The Student News Site of Richard Montgomery High School

The Tide

The Student News Site of Richard Montgomery High School

The Tide

The Student News Site of Richard Montgomery High School

The Tide

Fliakas, Fry tie in canned food drive, serving community

Ms.+Fry%E2%80%99s+first+period+TOK+2+class+poses+with+the+242+cans+they+brought+in+on+Nov.+10%2C+the+last+day+of+the+SGA%E2%80%99s+canned+food+drive.
Courtesy of Ms. Fry
Ms. Fry’s first period TOK 2 class poses with the 242 cans they brought in on Nov. 10, the last day of the SGA’s canned food drive.

Throughout early November, Richard Montgomery held its annual canned food drive, in which students donate food cans to the Manna Food Center through their first-period classes. At the end of the event, the class with the most cans donated is declared the winner and given a prize: an omelet breakfast. This year, the final few days of the food drive underwent spirited competition between the first periods of Theory of Knowledge teacher Kerri Fry and English teacher Katherine Fliakas, both of whom tied for first place after bringing in over 500 cans each.

“There’s a lot of stress about, ‘How many cans did we bring in, how many cans did they bring in?’” Ms. Fry said. Around the building, Ms. Fry is widely known for having won numerous canned food drive competitions in 2019, 2021 and 2022.

The same stress was running high in Ms. Filakas’ first-period class as well, causing drama between the two classes on the last day of collection due to the closeness of the numbers. 

“We weren’t sure if we were going to have enough. A couple students came late with some cans, and then there was a student who was absent that dropped off cans because he was really sick,” Ms. Fliakas said. “We thought that put us over the edge to win it. We were really excited but we still weren’t sure what the final count was.”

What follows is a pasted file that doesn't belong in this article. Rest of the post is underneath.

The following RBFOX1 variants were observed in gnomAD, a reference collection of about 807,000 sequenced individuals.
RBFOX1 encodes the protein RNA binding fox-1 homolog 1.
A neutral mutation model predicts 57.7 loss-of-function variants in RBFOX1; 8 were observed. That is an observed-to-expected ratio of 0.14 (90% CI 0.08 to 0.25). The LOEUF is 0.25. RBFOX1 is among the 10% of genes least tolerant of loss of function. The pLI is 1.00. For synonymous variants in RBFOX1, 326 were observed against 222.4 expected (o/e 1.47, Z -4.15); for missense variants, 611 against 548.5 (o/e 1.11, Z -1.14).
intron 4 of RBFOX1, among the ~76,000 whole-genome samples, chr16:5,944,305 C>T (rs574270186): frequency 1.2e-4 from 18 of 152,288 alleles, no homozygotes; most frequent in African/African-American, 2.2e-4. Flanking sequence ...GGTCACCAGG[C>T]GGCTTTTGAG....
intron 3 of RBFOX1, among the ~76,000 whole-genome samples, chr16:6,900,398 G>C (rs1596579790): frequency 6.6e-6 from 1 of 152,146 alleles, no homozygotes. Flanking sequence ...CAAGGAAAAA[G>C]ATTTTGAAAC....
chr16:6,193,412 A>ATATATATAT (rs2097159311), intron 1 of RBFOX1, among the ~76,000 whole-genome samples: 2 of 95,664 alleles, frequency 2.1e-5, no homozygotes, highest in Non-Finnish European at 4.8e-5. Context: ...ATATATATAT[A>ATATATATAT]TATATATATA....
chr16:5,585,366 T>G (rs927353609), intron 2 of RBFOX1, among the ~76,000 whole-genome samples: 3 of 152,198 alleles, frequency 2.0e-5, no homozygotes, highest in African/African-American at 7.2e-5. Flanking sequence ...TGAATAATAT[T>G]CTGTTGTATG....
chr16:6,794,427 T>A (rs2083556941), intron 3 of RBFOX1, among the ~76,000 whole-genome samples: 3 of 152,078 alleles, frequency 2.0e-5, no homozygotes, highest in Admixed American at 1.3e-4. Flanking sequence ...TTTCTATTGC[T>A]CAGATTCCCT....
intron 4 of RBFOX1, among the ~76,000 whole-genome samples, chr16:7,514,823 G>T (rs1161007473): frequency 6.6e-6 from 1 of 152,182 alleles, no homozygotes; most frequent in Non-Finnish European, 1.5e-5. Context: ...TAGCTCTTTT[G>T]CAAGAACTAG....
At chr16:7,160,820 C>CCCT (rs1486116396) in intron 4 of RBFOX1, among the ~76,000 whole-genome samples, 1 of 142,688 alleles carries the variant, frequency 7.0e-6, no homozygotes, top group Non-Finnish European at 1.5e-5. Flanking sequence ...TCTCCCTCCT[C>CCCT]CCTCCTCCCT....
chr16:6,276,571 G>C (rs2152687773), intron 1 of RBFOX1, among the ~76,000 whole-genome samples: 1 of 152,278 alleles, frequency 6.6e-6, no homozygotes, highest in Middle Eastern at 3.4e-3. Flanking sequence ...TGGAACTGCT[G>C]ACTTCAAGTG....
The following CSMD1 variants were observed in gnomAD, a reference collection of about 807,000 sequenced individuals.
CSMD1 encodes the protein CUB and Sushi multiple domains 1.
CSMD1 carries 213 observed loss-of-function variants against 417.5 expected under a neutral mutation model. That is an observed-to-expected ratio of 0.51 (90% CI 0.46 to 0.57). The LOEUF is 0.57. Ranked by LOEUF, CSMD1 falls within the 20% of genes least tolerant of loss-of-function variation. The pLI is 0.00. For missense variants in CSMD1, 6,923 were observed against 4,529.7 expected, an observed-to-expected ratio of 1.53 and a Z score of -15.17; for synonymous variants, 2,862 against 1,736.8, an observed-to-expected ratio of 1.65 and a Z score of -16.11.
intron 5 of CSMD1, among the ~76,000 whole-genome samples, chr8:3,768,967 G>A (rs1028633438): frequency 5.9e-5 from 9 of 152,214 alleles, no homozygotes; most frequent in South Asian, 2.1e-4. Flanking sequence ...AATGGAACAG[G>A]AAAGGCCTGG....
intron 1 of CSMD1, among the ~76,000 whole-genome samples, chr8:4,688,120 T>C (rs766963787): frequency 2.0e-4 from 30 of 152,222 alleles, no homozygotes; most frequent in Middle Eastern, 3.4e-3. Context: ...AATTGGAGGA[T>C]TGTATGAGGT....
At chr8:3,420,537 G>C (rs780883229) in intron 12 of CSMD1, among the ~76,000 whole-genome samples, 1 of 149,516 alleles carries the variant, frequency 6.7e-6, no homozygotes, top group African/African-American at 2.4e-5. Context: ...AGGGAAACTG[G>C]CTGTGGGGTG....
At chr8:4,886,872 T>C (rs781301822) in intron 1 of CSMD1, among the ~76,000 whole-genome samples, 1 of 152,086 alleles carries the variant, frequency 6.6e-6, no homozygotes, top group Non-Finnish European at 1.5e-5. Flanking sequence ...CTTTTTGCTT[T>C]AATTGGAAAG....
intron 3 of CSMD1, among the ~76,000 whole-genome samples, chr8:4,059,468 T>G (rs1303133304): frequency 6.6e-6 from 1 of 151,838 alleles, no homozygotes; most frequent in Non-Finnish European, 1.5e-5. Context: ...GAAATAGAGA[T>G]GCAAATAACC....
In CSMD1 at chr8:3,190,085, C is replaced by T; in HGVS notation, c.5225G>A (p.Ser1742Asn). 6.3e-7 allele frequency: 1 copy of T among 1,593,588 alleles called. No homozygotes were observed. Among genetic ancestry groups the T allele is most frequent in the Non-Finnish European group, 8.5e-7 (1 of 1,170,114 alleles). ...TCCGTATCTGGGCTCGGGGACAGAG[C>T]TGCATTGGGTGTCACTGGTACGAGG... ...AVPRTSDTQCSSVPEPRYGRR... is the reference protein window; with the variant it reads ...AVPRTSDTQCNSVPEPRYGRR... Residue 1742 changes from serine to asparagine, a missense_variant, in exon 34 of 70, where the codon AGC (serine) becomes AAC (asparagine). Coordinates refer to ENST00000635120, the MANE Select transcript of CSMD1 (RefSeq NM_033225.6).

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Yet, both teachers were quick to emphasize that competition was secondary to the crucial purpose of the food drive: to serve the surrounding community. 

What’s most important is the spirit of giving and how we were able to come together as a community to raise for those less fortunate. That’s the most important thing. Not that we won a contest but that we were able to get so much excitement in donating.

— Ms. Katherine Fliakas

“The most important thing is helping as many people as possible and then, you know, winning and omelets secondary to that,” Ms. Fry said. “The cans get donated to Manna Food Bank, which helps to provide food to our community, and it’s super essential, especially now with just the cost of groceries in particular increasing.” An article published by CBS News in April warned that food prices were rising at the highest rate in decades, making this year’s food drive all the more crucial.

Ms. Fliakas echoed this sentiment. 

“What’s most important is the spirit of giving and how we were able to come together as a community to raise for those less fortunate,” Ms. Fliakas said. “That’s the most important thing. Not that we won a contest but that we were able to get so much excitement in donating.”

Social Studies teacher Christopher Hinsvark co-sponsors the SGA, which coordinated the food drive. He had specific recommendations for what kinds of cans should be donated. 

“We like to try to ask students to bring in something that they would like to eat, even though things like canned vegetables, like canned corn, and canned green beans are nutritious. We like to have canned soups and stews are the best thing that we would love to see students bring in,” Mr. Hinsvark said.

Mr. Hinsvark also discussed the SGA’s process behind organizing this year’s canned food drive. 

“We do things like put up posters, advertise for it. We provide incentives for it, so we use SGA’s money to provide things like the Omelette Man and donuts to people who collect 100 or more cans. We also do the collection of the cans.”

Breakfast with the Omelette Man has yet to be scheduled for the two winning classes.

Many students were eager to donate and compete in the Manna Food Drive. Sophomore James Lemery stored dozens of cans in his garage, all of which he had specifically bought to give away. 

“I chose to donate because, you know, it’s a good way to give back to the community,” Lemery said. “I just try to…give to those in need as much as I can.”

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About the Contributor
Zack Lam, Features Writer
Sophomore Zack Lam is excited to write for the Tide this year. He contributes to the feature section and enjoys writing poetry. In his spare hours, he can be found taking his time in DC and listening to music.